Weekly show & tell sessions are pretty common in digital and design communities, and they’re standard practice for the team working on NHS.UK Alpha.

Demonstrating what we’re up to

For those new to them, weekly show & tells are a chance to demonstrate progress, to tie together what we’ve been doing in the week and to provide a bit of a rhythm for the team.

Show & Tell

It’s not a formal session. The team gathers round a large screen, gets people to come to our space, and shares what we’ve been up to over the last week. We could hide ourselves away for three months and then show what we’ve built, but instead we want to regularly show what we’re building.

It’s a chance to get valuable feedback

These events have been hugely valuable for showing a big group what we’ve been doing. People attend from across the healthcare system – Department of Health, NHS England and HSCIC for example – and also other organisations such as NHS Blood and Transplant.

nhs alpha

All of these groups give us feedback. We love feedback. It helps us to make things better. We’re not trying to deliver a working system into production, but we are trying to demonstrate how elements of an NHS.UK service might work. Gathering insight from different groups is really important in this process.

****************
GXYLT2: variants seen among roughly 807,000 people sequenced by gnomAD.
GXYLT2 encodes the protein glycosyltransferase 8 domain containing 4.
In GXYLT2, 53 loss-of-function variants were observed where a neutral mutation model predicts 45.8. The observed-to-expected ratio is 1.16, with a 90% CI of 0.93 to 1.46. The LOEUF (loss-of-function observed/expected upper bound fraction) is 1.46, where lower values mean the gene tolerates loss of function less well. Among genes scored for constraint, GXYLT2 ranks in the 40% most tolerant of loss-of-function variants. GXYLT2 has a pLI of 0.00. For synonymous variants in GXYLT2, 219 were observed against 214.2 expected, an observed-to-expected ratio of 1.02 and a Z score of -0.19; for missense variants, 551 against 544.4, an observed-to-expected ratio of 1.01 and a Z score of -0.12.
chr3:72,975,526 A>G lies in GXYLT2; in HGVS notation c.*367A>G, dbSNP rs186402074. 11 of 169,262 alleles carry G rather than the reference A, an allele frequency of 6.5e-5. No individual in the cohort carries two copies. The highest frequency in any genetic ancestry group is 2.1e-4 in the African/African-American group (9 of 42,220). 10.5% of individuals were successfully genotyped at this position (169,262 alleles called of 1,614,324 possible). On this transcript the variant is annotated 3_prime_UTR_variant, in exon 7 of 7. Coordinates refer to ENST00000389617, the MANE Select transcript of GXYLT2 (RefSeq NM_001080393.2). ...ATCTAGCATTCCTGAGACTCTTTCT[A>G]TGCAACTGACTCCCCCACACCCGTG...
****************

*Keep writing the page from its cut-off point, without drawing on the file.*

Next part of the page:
Each show & tell also gives us an opportunity to reflect on where we’re at, to take stock of what we’ve learned, and to change direction if that’s what is needed.

Learning from others

Weekly show & tells are new to some of the team here, but there are plenty of people here used to the format too. There’s a good energy about the NHS.UK Alpha show & tells, and a sense of celebrating what we’ve achieved each week.

Each week we hear new stories about how people interact with the health and care system, new ways of thinking about the problems we’re tackling. It’s a reminder of the potential for transformation that Helen and Adam wrote about a few weeks ago, but also that working with users (whether they’re patients or staff) is the best way of finding out what works.

If you’re interested in our work, please do email us, or follow the project on Twitter at #nhsalpha

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